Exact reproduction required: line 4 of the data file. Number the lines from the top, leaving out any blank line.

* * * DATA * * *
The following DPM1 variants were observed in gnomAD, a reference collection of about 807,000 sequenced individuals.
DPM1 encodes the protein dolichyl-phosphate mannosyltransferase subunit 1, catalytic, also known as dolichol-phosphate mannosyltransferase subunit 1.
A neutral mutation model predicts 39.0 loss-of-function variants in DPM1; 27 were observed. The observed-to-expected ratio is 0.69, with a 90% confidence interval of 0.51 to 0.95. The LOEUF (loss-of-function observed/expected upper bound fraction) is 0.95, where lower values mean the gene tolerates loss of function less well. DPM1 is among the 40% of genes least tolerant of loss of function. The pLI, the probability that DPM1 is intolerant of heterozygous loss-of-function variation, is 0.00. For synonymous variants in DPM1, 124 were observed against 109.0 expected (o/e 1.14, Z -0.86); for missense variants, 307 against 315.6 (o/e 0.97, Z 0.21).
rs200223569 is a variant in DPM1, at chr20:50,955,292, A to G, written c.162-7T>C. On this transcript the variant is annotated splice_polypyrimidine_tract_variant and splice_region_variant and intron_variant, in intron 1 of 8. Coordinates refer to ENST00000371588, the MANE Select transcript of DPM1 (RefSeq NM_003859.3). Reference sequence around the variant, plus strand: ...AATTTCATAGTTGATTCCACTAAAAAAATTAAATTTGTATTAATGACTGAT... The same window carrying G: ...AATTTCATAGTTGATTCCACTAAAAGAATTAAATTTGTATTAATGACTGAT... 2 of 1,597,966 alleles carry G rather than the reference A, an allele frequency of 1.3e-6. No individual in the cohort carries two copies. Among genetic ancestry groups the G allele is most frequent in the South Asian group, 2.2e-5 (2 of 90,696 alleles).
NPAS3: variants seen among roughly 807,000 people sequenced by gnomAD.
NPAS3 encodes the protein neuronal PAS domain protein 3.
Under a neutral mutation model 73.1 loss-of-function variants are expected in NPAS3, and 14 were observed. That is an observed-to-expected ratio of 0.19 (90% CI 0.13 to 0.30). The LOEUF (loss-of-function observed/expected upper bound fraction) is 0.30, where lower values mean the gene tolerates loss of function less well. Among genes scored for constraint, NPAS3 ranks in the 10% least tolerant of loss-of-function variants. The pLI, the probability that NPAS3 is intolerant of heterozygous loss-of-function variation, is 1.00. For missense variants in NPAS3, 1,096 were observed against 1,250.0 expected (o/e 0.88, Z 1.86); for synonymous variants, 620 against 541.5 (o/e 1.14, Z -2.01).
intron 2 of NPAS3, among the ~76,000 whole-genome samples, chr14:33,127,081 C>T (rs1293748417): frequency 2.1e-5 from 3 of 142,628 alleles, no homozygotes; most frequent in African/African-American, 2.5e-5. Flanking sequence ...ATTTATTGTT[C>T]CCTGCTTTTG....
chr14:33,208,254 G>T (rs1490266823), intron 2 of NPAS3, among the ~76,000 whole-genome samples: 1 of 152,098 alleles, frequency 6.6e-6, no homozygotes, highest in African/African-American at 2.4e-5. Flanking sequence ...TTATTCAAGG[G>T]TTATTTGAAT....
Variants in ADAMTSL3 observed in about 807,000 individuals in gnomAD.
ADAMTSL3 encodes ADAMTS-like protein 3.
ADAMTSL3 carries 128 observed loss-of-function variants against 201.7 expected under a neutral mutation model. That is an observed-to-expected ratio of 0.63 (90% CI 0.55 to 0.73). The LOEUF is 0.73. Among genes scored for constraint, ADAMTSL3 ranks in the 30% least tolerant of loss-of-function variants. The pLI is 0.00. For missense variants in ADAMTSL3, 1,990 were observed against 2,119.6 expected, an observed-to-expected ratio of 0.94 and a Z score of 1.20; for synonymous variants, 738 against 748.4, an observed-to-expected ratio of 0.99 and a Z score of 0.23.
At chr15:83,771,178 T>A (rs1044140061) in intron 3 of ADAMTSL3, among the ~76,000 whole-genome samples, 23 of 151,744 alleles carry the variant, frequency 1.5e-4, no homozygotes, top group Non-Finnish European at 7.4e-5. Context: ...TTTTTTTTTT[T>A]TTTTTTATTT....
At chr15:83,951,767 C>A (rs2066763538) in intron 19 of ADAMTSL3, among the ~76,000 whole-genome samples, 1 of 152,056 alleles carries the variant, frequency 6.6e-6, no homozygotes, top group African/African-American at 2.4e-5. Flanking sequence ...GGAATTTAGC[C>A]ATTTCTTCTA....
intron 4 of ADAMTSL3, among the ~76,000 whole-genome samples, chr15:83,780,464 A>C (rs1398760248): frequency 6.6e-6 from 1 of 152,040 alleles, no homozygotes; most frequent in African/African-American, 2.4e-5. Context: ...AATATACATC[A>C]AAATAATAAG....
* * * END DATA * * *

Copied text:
rs200223569 is a variant in DPM1, at chr20:50,955,292, A to G, written c.162-7T>C. On this transcript the variant is annotated splice_polypyrimidine_tract_variant and splice_region_variant and intron_variant, in intron 1 of 8. Coordinates refer to ENST00000371588, the MANE Select transcript of DPM1 (RefSeq NM_003859.3). Reference sequence around the variant, plus strand: ...AATTTCATAGTTGATTCCACTAAAAAAATTAAATTTGTATTAATGACTGAT... The same window carrying G: ...AATTTCATAGTTGATTCCACTAAAAGAATTAAATTTGTATTAATGACTGAT... 2 of 1,597,966 alleles carry G rather than the reference A, an allele frequency of 1.3e-6. No individual in the cohort carries two copies. Among genetic ancestry groups the G allele is most frequent in the South Asian group, 2.2e-5 (2 of 90,696 alleles).